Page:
It seemed no accident, meanwhile, to see the Times arts page give big splash treatment to “The Madness of George Dubya,” the genuinely puerile satire that’s been tormenting Londoners these last months. The Times‘ timing is curious. The ostensible hook for the story is this: “Now that [“Madness”] has move from the fringe into London’s mainstream West End for a four week run at the Arts Theater…” But that run is “due to end on May 3,” the preceding sentence concludes. So, in other words, it’s already into week two of its run. The war apparently gave the story no legs before the West End showings began. But now that the war is over, apparently it’s safe to pick up were they left off. Note too that like Michael Moore its makers are threatening to bring the play to the U.S.

What woeful opposition these people provide. The best the Times can come up with is to compare “Madness” to “Dr. Strangelove,” the most overrated and unfunny film of its kind. (The one good thing about “Dr. Strangelove” is that it inspired a contemporaneous moniker “Dr. Strangeglove” for Dick Stuart, a Pittsburgh Pirates’ first-baseman who couldn’t field.) Smug sanctimony drives out wit every time.

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Mastery Theater (posted 4/14/03 1:56 a.m.)
Anyone watching the Masters could see right away why Martha Madalyn Murray O’Hair Burk never had a chance to compete this weekend. Quite literally she was a barbarian at the gate — and no way the Augusta kingdom was going to fall to her likes, not yesterday, not now, not ever. The least appreciated side of golf is its setting, and not even the great links in the sky are any rival to Augusta National in the spring. Then think of all the ugliness afoot in the world — I won’t go into specific detail, but I’m sure we could compare images — and Augusta becomes a fairytale land where nothing could be finer.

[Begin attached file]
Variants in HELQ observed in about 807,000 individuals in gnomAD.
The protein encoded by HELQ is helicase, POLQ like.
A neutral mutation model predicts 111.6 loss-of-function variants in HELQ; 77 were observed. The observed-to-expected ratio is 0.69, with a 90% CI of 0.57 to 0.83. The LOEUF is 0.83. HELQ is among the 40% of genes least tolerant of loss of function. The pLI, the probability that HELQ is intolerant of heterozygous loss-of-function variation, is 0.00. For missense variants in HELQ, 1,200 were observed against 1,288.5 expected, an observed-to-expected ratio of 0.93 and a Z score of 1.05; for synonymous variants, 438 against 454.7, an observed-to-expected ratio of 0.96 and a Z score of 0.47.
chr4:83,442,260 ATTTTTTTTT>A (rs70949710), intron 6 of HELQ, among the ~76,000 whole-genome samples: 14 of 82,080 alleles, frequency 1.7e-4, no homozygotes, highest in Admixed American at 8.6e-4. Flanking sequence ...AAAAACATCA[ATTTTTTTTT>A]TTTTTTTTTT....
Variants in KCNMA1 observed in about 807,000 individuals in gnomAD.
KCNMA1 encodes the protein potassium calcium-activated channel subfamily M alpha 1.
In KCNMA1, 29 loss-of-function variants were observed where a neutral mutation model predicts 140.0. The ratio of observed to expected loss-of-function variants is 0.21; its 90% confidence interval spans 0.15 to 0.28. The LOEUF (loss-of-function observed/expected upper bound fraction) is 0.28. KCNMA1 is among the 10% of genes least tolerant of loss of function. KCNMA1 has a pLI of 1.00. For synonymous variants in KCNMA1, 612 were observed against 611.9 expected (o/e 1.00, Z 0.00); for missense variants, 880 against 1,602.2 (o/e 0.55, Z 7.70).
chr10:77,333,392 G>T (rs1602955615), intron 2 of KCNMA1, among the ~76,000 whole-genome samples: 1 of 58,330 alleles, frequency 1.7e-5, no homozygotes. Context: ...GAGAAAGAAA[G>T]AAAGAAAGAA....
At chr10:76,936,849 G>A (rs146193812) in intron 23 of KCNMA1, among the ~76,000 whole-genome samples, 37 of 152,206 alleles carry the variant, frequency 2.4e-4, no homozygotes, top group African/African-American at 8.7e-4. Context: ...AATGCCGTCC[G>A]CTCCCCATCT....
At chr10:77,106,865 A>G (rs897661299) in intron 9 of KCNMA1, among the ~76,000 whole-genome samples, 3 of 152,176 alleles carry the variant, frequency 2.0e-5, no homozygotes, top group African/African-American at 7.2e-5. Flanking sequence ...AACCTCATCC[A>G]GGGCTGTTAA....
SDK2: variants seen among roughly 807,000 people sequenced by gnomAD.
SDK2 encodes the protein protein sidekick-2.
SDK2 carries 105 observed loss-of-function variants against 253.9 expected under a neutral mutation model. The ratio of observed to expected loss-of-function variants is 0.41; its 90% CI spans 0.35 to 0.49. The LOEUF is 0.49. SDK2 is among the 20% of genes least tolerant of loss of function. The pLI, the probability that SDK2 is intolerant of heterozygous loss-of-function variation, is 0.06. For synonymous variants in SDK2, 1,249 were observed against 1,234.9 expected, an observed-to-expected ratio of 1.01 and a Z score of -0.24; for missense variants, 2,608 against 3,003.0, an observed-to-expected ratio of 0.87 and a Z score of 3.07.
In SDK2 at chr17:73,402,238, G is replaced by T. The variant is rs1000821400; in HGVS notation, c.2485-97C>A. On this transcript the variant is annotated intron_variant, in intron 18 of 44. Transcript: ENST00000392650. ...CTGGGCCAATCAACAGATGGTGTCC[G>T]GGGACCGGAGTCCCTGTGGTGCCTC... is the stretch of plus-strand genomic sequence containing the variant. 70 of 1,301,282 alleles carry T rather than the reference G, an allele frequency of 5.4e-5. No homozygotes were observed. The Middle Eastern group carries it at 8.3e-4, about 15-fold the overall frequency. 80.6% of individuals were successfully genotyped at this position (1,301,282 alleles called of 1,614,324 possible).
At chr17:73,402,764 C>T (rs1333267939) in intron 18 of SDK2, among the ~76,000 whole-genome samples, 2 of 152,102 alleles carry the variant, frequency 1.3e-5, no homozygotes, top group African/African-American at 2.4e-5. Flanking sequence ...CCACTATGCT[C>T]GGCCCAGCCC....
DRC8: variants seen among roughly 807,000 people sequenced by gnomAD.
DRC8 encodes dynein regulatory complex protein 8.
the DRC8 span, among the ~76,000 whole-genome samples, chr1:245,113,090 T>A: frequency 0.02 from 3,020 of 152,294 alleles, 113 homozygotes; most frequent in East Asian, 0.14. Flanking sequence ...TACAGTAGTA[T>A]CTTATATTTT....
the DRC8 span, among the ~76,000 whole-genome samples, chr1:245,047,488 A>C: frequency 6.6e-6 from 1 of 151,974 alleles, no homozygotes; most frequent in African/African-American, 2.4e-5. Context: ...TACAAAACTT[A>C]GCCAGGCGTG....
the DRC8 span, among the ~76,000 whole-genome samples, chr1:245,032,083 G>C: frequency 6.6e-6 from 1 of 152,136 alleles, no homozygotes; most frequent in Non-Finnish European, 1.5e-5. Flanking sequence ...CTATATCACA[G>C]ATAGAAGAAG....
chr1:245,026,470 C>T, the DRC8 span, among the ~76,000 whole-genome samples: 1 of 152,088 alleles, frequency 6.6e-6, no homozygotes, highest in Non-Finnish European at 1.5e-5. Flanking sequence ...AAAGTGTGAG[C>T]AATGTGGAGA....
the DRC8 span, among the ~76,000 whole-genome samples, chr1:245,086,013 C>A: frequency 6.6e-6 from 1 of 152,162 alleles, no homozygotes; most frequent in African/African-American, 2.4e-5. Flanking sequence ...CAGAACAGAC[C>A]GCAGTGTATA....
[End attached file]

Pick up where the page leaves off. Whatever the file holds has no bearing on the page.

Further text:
And yesterday there was no finer place. A final round in which at least a half-dozen players remained in contention well into the final holes, until such time when a meteoric Len Mattiace charged ahead playing the round of his or anybody else’s life. It was almost unfair, given how Mike Weir had played all day, steadily, doggedly, and unflappably. But justice was served as Weir found a way to regain a tie for the lead late in his round, and then defeated the dizzied Mattiace in the first hole of sudden death. It was a great moment for Canada, for left-handed golfers, for anyone who likes winning done right. And in case you didn’t notice, Tiger Woods, who helped Weir into his new green blazer, was as admiring of Weir’s achievement as he’s likely to be of any competitor. It may not have been Woods’s day, but Weir did the next best thing by making sure it was golf’s.